“You’ve been crying,” said George. It wasn’t a question. He knew that she had been crying because the moonlight highlighted the tear streaks that ran down her face.
“That’s the third time you’ve spoken today,” replied Hermione.
“And you’ve been counting?” asked George raising a bright red eyebrow.
“Everyone has,” replied Hermione. They sat in silence for another moment.
“So where’s my stupid little brother? He certainly made a fool of himself today,” George said. He noticed tears well up in Hermione’s eyes and her bottom lip tremble slightly. “What’s he done?” he asked, his voice hardening. He searched Hermione’s face for the answer. Forever had gone by before she was able to compose herself enough to reply.
“I believe the exact words were, you’re parents really had no point in the war,” said Hermione, her voice shaking tremendously. “So,” she continued. “I-I broke up with h-him,” she stuttered, as the tears flowed freely. George slowly pulled her into a tight embrace and after a few moments Hermione had calmed down.
“He’s a prat, Hermione,” said George. “Don’t listen to him. Everyone, from Fred, Lupin, and Tonks, to Dobby and your parents, were very important in the war.”
“Thanks,” she breathed, pulling away awkwardly. “Sorry.” She pulled out her wand and nonverbally dried the wet spot she had made on his shirt.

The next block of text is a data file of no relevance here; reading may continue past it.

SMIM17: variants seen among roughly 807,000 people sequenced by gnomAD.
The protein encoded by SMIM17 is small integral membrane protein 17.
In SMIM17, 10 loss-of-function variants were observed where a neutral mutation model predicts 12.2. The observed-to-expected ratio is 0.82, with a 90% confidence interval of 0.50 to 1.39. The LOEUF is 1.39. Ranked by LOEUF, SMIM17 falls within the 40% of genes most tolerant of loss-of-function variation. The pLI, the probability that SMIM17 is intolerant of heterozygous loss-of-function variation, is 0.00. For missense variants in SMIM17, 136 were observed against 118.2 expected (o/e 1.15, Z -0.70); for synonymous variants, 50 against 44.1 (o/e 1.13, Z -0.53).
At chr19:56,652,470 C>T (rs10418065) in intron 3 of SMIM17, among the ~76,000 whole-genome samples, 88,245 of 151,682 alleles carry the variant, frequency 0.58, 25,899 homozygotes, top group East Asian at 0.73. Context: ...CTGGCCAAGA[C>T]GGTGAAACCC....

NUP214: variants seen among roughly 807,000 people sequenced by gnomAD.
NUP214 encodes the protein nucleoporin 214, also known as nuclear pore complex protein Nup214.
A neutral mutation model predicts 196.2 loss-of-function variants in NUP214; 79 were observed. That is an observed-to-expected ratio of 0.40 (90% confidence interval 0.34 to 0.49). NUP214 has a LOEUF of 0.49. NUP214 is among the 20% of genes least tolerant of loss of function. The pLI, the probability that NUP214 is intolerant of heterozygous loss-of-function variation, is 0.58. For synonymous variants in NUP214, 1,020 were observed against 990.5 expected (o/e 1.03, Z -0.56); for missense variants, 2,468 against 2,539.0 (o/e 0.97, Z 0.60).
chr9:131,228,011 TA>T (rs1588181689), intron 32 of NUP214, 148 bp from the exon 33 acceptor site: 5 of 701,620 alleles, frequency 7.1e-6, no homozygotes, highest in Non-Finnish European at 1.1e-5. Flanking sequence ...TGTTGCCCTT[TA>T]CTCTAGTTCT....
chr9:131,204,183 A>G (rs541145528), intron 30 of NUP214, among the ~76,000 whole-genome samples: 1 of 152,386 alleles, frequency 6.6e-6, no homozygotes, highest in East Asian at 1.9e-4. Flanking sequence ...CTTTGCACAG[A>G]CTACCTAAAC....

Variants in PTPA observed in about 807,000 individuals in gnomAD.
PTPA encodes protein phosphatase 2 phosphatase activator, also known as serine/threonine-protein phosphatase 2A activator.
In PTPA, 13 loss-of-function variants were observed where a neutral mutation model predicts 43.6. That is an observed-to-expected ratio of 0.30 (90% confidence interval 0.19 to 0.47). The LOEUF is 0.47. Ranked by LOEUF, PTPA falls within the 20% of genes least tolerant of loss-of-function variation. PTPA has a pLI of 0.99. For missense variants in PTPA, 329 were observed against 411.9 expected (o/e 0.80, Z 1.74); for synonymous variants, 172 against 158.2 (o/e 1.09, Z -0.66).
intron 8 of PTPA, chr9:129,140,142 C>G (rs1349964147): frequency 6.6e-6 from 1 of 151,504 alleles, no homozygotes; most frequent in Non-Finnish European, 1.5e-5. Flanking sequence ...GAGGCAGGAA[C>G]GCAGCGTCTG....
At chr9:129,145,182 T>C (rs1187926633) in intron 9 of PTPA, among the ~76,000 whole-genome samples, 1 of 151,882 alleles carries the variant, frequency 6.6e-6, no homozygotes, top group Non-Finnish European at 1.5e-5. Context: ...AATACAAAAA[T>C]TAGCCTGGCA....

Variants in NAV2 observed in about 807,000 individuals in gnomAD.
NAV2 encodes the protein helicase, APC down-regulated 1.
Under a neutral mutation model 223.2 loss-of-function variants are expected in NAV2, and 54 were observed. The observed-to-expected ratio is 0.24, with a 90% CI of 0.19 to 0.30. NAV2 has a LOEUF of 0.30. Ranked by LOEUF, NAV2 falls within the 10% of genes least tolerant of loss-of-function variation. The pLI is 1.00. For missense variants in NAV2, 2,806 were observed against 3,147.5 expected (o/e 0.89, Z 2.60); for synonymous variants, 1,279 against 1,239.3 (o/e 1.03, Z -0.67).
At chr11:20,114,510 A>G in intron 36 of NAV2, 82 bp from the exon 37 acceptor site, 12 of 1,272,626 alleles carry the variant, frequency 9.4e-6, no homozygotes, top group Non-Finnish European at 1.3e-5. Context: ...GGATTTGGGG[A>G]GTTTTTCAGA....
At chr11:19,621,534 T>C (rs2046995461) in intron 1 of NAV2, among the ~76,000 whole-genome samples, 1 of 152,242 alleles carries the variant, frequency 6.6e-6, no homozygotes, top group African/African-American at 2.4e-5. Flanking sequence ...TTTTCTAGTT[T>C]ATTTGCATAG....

“Harry always said that your ability to perform magic when you were upset was amazing,” complimented George with a smile. To his surprise, Hermione returned it.
“I guess I just love magic completely. I’ve always been amazed by it because it was the only thing that no one else in my family could do. I felt, a sense of self-pride knowing that I was able to do it so well.”
“Hermione, having self-pride?” asked George. “Now that’s something you don’t hear every day.” Hermione shrugged. “Looks like little miss perfect has a dark side,” said George.
“Maybe, maybe not,” she said mischievously. They both laughed at her playful attempt to be mysterious but soon Hermione’s face twisted in anger.
“But I just can’t believe my magic went wrong!” exclaimed Hermione suddenly. New tears appeared on her cheeks but anger was the cause not sadness. She was angry with herself and she couldn’t stop the tears from coming. Hermione’s fragile state took George by surprise. He had never really seen Hermione so shaken and it took him a few moments to recover.
“What are you talking about?” ask George gently putting a hand on her shoulder. Hermione realized her mistake. She hadn’t told anyone about messing up with that magic on her parent’s memories yet, and she just let slip something that she would have to explain. Could she trust George? Before even answering the question that had popped into her head, Hermione had opened her mouth, talking rapidly about everything that had happened.